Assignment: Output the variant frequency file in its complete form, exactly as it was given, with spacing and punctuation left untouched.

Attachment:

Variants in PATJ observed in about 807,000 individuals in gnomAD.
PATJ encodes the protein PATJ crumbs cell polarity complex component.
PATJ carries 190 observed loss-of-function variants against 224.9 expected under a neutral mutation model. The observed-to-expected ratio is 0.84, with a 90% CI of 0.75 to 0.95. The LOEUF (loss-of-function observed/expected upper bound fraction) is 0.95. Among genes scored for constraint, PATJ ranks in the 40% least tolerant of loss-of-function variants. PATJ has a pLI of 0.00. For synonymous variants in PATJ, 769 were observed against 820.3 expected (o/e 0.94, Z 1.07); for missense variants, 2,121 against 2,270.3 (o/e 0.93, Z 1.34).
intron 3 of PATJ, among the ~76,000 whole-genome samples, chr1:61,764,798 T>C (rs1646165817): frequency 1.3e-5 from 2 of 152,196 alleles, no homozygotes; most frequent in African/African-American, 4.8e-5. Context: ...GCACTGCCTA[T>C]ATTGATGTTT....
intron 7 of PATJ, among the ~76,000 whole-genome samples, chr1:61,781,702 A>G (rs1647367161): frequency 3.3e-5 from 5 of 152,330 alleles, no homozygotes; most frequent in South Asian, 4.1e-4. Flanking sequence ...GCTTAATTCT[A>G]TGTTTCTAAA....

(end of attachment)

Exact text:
Variants in PATJ observed in about 807,000 individuals in gnomAD.
PATJ encodes the protein PATJ crumbs cell polarity complex component.
PATJ carries 190 observed loss-of-function variants against 224.9 expected under a neutral mutation model. The observed-to-expected ratio is 0.84, with a 90% CI of 0.75 to 0.95. The LOEUF (loss-of-function observed/expected upper bound fraction) is 0.95. Among genes scored for constraint, PATJ ranks in the 40% least tolerant of loss-of-function variants. PATJ has a pLI of 0.00. For synonymous variants in PATJ, 769 were observed against 820.3 expected (o/e 0.94, Z 1.07); for missense variants, 2,121 against 2,270.3 (o/e 0.93, Z 1.34).
intron 3 of PATJ, among the ~76,000 whole-genome samples, chr1:61,764,798 T>C (rs1646165817): frequency 1.3e-5 from 2 of 152,196 alleles, no homozygotes; most frequent in African/African-American, 4.8e-5. Context: ...GCACTGCCTA[T>C]ATTGATGTTT....
intron 7 of PATJ, among the ~76,000 whole-genome samples, chr1:61,781,702 A>G (rs1647367161): frequency 3.3e-5 from 5 of 152,330 alleles, no homozygotes; most frequent in South Asian, 4.1e-4. Flanking sequence ...GCTTAATTCT[A>G]TGTTTCTAAA....